The search for more efficient heterogeneous catalysts remains critical to the chemical industry. The Sabatier principle of maximizing catalytic activity by optimizing the adsorption energy of the substrate molecule could offer pivotal guidance to otherwise random screenings. The Oxford team show that the chemical shift value of an adsorbate (formic acid) on metal colloid catalysts measured by 13C nuclear magnetic resonance spectroscopy in aqueous suspension constitutes a simple experimental descriptor for adsorption strength. Avoiding direct contact between the 13C atom and the metal surface eliminates peak broadening that has confounded prior efforts to establish such correlations. The data can guide rational design of improved catalysts, as demonstrated in their papers for the cases of formic acid decomposition and formic acid electro-oxidation reactions.
In 1913, the French chemist, Paul Sabatier, introduced a qualitative concept in chemical catalysis which described the appropriate interaction between catalyst and substrate as a balance between extremes. If the interaction is too weak, the substrate will fail to bind to the catalyst and no reaction will take place; if it is too strong, the catalyst will be blocked by the substrate, intermediate or product, hindering turnover of the catalytic cycle. The Sabatier principle is best illustrated by Balandin’s volcano relations between reaction rates and adsorption energies, which was employed from the study of catalytic decomposition of formic acid over transition metals by Sachtler and Fahrenfort in 1961. However, various thermodynamic data, such as heat of formate or oxide formation, were actually used to estimate the adsorption energies in these early studies. These bulk thermodynamic properties established under different reaction conditions were not the best descriptors for surface adsorption structures and energies. Over the past decade, theoretical calculation of adsorption energies on solid surfaces using density functional theory has become practical on account of enhanced computing power, though data to validate this complex modelling under realistic reaction conditions [i.e. in liquid phase or under pressure, rather than in ultrahigh vacuum (UHV)] have been scarce. In addition, Somorjai earlier demonstrated that face specificity is a characteristic property of adsorption, which implies that modelling of working catalysts that comprise different surfaces while taking complexities such as solvent effects, surface specificity and adsorbate-adsorbate interactions into account may not be a simple task.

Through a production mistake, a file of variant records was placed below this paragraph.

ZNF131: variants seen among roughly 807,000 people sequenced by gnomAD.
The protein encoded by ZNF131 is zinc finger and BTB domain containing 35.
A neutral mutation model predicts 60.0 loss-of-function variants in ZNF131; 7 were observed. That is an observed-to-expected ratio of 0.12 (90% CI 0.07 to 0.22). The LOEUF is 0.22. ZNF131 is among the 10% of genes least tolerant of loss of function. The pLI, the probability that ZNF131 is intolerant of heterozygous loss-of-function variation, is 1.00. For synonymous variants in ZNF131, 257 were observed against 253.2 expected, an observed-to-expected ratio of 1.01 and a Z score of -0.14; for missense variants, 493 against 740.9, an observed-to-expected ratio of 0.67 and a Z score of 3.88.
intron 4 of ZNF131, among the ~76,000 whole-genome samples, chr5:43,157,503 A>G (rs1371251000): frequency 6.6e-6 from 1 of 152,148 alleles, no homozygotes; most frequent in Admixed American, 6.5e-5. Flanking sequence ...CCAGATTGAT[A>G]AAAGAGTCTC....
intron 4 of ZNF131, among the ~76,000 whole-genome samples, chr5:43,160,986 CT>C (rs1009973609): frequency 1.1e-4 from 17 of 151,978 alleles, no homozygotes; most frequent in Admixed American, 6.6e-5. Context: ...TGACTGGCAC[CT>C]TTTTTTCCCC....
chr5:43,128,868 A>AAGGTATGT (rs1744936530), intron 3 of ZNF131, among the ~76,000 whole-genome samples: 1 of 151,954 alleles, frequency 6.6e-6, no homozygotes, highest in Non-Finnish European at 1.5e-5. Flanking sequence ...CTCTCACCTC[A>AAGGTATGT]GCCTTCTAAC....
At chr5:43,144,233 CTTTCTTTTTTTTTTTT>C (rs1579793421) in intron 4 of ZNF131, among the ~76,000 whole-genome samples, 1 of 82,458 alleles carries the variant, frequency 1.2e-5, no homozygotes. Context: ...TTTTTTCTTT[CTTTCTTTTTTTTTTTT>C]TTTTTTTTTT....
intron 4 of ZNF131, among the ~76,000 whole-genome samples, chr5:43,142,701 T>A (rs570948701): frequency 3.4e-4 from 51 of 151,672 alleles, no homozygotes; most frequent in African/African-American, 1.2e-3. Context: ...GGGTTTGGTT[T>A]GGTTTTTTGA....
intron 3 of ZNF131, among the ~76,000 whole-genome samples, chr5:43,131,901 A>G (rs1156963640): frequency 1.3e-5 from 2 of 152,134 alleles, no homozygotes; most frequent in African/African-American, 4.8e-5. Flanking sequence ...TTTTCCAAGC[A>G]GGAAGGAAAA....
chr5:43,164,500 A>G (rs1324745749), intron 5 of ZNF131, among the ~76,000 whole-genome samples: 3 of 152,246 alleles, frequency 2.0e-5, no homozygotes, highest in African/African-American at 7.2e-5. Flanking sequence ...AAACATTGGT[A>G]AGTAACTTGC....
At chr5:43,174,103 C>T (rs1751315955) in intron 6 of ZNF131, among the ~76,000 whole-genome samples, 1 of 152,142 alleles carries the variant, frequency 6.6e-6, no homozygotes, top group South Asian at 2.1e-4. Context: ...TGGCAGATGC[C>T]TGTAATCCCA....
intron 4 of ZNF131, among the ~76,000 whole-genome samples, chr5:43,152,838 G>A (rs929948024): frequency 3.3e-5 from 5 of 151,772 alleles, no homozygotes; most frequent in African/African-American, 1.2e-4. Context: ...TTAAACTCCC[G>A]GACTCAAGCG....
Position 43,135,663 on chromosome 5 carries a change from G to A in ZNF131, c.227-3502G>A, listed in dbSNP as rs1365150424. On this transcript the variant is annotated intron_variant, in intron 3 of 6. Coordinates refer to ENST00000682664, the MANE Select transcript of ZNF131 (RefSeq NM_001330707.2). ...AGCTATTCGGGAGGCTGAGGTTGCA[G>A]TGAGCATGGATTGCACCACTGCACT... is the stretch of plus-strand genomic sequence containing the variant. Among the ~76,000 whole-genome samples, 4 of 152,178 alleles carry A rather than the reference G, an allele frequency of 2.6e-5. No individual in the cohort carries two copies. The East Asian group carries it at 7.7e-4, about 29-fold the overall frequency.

Traditional resonance methods like Electron Spin Resonance (ESR) and Nuclear Magnetic Resonance (NMR) can yield a wealth of information about the electronic interactions between atoms under non-UHV conditions in the liquid or solid phase. Studies of chemisorption of small probing molecules such as CO and ethylene on metal surfaces by both solution and solid phase NMR were reported. A broad NMR peak was observed due to particle anisotropy and magnetic field in-homogeneity. Newmark and Bradley employed solution phase 13C NMR to probe adsorption of13CO onto different metal colloids in solution. They showed that the tumbling motion of nano-sized metal particles in solution is sufficiently fast to reduce the particle anisotropy in magnetic field over the liquid suspension of particles. However, all the above works encountered significant Knight-shift effects in their NMR peaks due to the coupling of conduction electrons from the Fermi levels of the metal particles with the probe 13C atom in direct contact, which severely perturbed and broadened the 13C chemical shift values (peak-position and peak width are affected ranging from few to hundreds ppm). This problem precluded the potential use of chemical shift values for assessing adsorption strength until our initial work on the adsorption of formic acid on ruthenium nanoparticles. Tsang and his group showed that the presence of the oxygen spacer atoms in the adsorbed formate substantially reduces the Knight-shift effect on the 13C nucleus, as it is not directly coupled to the metal surface. This enabled the observation of sharp adsorption peaks on nano-sized Ru metal.